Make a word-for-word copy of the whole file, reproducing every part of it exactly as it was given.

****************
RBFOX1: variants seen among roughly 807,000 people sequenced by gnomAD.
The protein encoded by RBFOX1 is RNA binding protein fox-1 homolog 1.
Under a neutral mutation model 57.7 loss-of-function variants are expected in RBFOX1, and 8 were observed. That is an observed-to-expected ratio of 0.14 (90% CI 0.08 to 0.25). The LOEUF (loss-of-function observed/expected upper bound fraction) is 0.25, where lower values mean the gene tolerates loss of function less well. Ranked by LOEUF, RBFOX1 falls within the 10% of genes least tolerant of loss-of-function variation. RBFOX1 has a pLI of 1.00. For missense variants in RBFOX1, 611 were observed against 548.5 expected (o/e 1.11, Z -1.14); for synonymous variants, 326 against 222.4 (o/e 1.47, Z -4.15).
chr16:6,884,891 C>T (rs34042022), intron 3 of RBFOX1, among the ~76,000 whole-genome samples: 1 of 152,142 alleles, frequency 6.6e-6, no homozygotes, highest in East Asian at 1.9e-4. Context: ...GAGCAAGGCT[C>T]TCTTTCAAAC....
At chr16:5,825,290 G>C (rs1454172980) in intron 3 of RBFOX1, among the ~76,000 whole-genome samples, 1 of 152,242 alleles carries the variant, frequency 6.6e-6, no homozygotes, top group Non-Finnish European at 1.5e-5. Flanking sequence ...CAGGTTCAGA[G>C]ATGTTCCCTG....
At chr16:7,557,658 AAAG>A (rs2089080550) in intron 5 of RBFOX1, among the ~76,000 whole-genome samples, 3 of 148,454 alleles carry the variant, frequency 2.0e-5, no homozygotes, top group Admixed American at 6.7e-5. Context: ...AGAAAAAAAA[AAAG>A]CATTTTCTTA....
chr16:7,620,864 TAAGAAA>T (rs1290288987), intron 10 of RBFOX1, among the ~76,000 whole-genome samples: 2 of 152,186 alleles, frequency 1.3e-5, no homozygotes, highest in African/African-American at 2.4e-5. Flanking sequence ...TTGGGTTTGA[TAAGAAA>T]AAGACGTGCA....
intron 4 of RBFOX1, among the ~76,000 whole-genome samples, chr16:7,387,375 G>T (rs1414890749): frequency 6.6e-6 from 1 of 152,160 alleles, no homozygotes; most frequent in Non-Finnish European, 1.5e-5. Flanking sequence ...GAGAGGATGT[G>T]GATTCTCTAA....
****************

RBFOX1: variants seen among roughly 807,000 people sequenced by gnomAD.
The protein encoded by RBFOX1 is RNA binding protein fox-1 homolog 1.
Under a neutral mutation model 57.7 loss-of-function variants are expected in RBFOX1, and 8 were observed. That is an observed-to-expected ratio of 0.14 (90% CI 0.08 to 0.25). The LOEUF (loss-of-function observed/expected upper bound fraction) is 0.25, where lower values mean the gene tolerates loss of function less well. Ranked by LOEUF, RBFOX1 falls within the 10% of genes least tolerant of loss-of-function variation. RBFOX1 has a pLI of 1.00. For missense variants in RBFOX1, 611 were observed against 548.5 expected (o/e 1.11, Z -1.14); for synonymous variants, 326 against 222.4 (o/e 1.47, Z -4.15).
chr16:6,884,891 C>T (rs34042022), intron 3 of RBFOX1, among the ~76,000 whole-genome samples: 1 of 152,142 alleles, frequency 6.6e-6, no homozygotes, highest in East Asian at 1.9e-4. Context: ...GAGCAAGGCT[C>T]TCTTTCAAAC....
At chr16:5,825,290 G>C (rs1454172980) in intron 3 of RBFOX1, among the ~76,000 whole-genome samples, 1 of 152,242 alleles carries the variant, frequency 6.6e-6, no homozygotes, top group Non-Finnish European at 1.5e-5. Flanking sequence ...CAGGTTCAGA[G>C]ATGTTCCCTG....
At chr16:7,557,658 AAAG>A (rs2089080550) in intron 5 of RBFOX1, among the ~76,000 whole-genome samples, 3 of 148,454 alleles carry the variant, frequency 2.0e-5, no homozygotes, top group Admixed American at 6.7e-5. Context: ...AGAAAAAAAA[AAAG>A]CATTTTCTTA....
chr16:7,620,864 TAAGAAA>T (rs1290288987), intron 10 of RBFOX1, among the ~76,000 whole-genome samples: 2 of 152,186 alleles, frequency 1.3e-5, no homozygotes, highest in African/African-American at 2.4e-5. Flanking sequence ...TTGGGTTTGA[TAAGAAA>T]AAGACGTGCA....
intron 4 of RBFOX1, among the ~76,000 whole-genome samples, chr16:7,387,375 G>T (rs1414890749): frequency 6.6e-6 from 1 of 152,160 alleles, no homozygotes; most frequent in Non-Finnish European, 1.5e-5. Flanking sequence ...GAGAGGATGT[G>T]GATTCTCTAA....